Going back to the three “endowments”, why would God mess around with evolving man? Further, evolvement is the basis for an argument of not being accountable for imperfection (sin or evil); thus, God would be remiss in denying Heaven to anyone who is human, but who claims that they “hadn’t quite made it up the evolutionary cycle.”

      Evolution, in the context of a Creator of the Universe is just not logical. It would suggest that He was simply looking for something to do, like He was bored. Why not cut to the chase and create man, as the Bible states, in His image? If evolved, when is the evolved being “in His image”? When is accountability? If not accountability, why all of this mess on the earth? A test? A test for what?

      On the other hand, the infinitely powerful One who possesses all knowledge, the One who is Holy and perfect would not waste His time evolving man because He would already know the answer of what evolvement entails. I cannot see a need for entertainment. I cannot see the value of an experiment. I cannot see the purpose of a “grand zoo”. His infinite knowledge, power, and perfection cannot lead down the purposeless, random, and chaotic path of evolution. The singular creation of man, as he is even today, fits more logically into the concept and belief of an all-powerful, all-knowing, all-perfect being responsible for the Creation of the Universe and ourselves.

      Evolution compels one to get off of the fencepost and decide between a Creator or simply not believe God at all. Mixing the two is confusion.

      January 11, 2012 at 2:48 am |
  15. ScottL

    Such a misleading headline. This only deals with Protestant pastors, not all across the board Christianity. Most Catholic priests side with Evolution, and they even teach it in catholic schools over creationism.

    This is horrible spin meant to push some kind of agenda, and I absolutely detest it, CNN.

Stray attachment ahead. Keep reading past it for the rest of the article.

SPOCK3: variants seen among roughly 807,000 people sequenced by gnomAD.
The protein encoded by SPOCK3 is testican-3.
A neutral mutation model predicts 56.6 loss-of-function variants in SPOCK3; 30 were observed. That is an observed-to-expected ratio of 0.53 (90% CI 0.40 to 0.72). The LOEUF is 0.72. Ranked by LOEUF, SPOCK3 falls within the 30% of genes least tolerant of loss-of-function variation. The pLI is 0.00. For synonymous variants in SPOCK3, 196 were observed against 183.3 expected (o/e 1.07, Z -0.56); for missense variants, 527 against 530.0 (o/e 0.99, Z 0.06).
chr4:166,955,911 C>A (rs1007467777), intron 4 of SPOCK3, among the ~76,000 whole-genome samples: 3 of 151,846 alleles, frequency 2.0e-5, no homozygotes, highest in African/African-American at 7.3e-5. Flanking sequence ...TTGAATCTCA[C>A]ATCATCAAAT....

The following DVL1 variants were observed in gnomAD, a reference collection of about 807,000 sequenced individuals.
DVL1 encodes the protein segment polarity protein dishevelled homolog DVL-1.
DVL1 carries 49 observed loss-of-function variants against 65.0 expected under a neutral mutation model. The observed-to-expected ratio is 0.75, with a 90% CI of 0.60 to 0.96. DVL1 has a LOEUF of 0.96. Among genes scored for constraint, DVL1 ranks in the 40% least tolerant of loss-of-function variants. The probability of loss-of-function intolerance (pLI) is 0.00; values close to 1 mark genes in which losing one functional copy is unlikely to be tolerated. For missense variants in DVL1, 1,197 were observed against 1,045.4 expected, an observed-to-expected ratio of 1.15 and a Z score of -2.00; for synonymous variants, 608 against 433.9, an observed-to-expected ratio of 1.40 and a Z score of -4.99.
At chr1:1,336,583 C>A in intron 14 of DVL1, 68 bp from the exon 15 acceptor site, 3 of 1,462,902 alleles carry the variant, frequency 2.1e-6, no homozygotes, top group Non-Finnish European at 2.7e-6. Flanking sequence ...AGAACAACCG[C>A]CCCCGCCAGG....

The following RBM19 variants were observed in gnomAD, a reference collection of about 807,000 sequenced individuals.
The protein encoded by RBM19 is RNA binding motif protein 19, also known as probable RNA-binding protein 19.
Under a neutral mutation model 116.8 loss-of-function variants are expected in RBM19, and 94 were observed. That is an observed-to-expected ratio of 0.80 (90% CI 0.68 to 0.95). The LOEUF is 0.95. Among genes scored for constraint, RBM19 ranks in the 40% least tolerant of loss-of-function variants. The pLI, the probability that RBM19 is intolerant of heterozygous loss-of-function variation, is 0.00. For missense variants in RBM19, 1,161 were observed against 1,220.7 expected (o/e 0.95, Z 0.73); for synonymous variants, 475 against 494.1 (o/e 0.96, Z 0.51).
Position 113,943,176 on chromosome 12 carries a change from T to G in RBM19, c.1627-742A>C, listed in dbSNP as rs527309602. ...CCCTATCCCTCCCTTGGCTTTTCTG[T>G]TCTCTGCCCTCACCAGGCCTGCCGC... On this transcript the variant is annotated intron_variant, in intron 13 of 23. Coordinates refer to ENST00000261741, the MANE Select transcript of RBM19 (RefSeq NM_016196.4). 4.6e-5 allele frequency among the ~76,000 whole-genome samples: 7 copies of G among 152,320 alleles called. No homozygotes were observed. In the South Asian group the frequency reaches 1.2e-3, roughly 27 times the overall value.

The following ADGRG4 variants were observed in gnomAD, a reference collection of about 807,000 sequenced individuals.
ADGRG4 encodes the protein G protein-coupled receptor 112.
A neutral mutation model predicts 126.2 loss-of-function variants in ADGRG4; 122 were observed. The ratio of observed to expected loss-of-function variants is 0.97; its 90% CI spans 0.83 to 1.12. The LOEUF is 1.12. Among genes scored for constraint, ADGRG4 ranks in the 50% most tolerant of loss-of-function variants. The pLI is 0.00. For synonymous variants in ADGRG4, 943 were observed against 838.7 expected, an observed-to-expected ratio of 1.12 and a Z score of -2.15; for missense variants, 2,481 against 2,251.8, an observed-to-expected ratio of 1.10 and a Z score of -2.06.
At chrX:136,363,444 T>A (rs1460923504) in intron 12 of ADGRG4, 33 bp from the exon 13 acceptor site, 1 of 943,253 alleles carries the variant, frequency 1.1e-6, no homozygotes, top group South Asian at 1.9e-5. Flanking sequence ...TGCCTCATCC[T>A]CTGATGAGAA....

January 10, 2012 at 8:59 pm |
    • DeeCee1000

      I like it.

      January 10, 2012 at 9:33 pm |
  16. sanespeak

    So based on none to little facts, is religion a theory? Am I a born-again Christian theorist?

    January 10, 2012 at 8:59 pm |
  17. Atheism is not healthy for children and other living things

    Prayer changes things
    The grace of God is found in prayer
    The love of God is found in prayer
    The salvation of God is found in Prayer
    The person of God is found in prayer
    Pray without ceasing in 2012
    Prayer changes things

    January 10, 2012 at 8:59 pm |
    • go4it

      give it a rest

      January 10, 2012 at 8:59 pm |
    • neil

      Praying Is Politically Correct Schizophrenia.

      January 10, 2012 at 9:07 pm |
    • just helping out

      Rest in Prayer

      January 10, 2012 at 9:07 pm |
    • fintastic

      Please give me one example (proof) of prayer changing something.

      January 11, 2012 at 6:24 pm |
  18. Evil Hollywood Liberal

    I guess that what you 'believe' now trumps what science knows to be true. Wonderful.

    January 10, 2012 at 8:58 pm |
    • just sayin

      God gave science to mankind.

      January 10, 2012 at 9:00 pm |
    • Tasselhoff

      I do not believe that Christianity and Science have to be incompatible.

      I will admit I'm very surprised that so many Protestant pastors completely discard evolution, and that so many are young-age Creationists.

      I'm a fan of Intelligent Design, myself – which is a long way down that road toward a destination where good science and thoughtful Christianity can agree.

      January 10, 2012 at 9:07 pm |
  19. Brian Watkins

    This just in: seven out of ten U.S. Protestant pastors believe in an imaginary wizard in the sky.

    January 10, 2012 at 8:56 pm |
    • Alex Trebeck

      Brain Watkins wins big by sneaking the phrase 'wizard in the sky' into a blog comment. For originality what has Brian won Don Pardo tell us.

      January 10, 2012 at 9:03 pm |
    • Don Pardo

      Well Alex Brain Watkins has won the coveted ass hole of the blogs award, crafted in 24k plastic and suitable for Brian to kiss at his leisure. Next contestant please.

      January 10, 2012 at 9:06 pm |
  20. chris

    I don't understand how people who are not educated in science can automatically dismiss something that has been proven time after time.......

    January 10, 2012 at 8:56 pm |
    • Clarify

      There are many creationist scientists with PhD's who disagree with evolution.

      January 10, 2012 at 9:11 pm |
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The CNN Belief Blog covers the faith angles of the day's biggest stories, from breaking news to politics to entertainment, fostering a global conversation about the role of religion and belief in readers' lives. It's edited by CNN's Daniel Burke with contributions from Eric Marrapodi and CNN's worldwide news gathering team.